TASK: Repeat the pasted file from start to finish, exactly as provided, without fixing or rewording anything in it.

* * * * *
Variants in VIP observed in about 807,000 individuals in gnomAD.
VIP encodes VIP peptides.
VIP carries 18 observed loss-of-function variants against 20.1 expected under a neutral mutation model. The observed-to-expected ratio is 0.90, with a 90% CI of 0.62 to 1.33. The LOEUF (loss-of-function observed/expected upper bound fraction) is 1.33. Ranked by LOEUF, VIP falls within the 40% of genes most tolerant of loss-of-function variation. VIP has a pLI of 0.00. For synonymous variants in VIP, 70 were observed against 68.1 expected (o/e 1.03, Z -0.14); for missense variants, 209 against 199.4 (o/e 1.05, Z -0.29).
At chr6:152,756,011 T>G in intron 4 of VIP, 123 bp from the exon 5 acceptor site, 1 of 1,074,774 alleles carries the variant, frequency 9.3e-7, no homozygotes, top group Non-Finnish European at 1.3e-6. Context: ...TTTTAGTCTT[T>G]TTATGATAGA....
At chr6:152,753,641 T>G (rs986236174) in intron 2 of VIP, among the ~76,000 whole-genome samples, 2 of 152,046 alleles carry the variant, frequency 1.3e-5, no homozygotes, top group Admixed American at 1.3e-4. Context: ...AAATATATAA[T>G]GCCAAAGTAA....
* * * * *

Variants in VIP observed in about 807,000 individuals in gnomAD.
VIP encodes VIP peptides.
VIP carries 18 observed loss-of-function variants against 20.1 expected under a neutral mutation model. The observed-to-expected ratio is 0.90, with a 90% CI of 0.62 to 1.33. The LOEUF (loss-of-function observed/expected upper bound fraction) is 1.33. Ranked by LOEUF, VIP falls within the 40% of genes most tolerant of loss-of-function variation. VIP has a pLI of 0.00. For synonymous variants in VIP, 70 were observed against 68.1 expected (o/e 1.03, Z -0.14); for missense variants, 209 against 199.4 (o/e 1.05, Z -0.29).
At chr6:152,756,011 T>G in intron 4 of VIP, 123 bp from the exon 5 acceptor site, 1 of 1,074,774 alleles carries the variant, frequency 9.3e-7, no homozygotes, top group Non-Finnish European at 1.3e-6. Context: ...TTTTAGTCTT[T>G]TTATGATAGA....
At chr6:152,753,641 T>G (rs986236174) in intron 2 of VIP, among the ~76,000 whole-genome samples, 2 of 152,046 alleles carry the variant, frequency 1.3e-5, no homozygotes, top group Admixed American at 1.3e-4. Context: ...AAATATATAA[T>G]GCCAAAGTAA....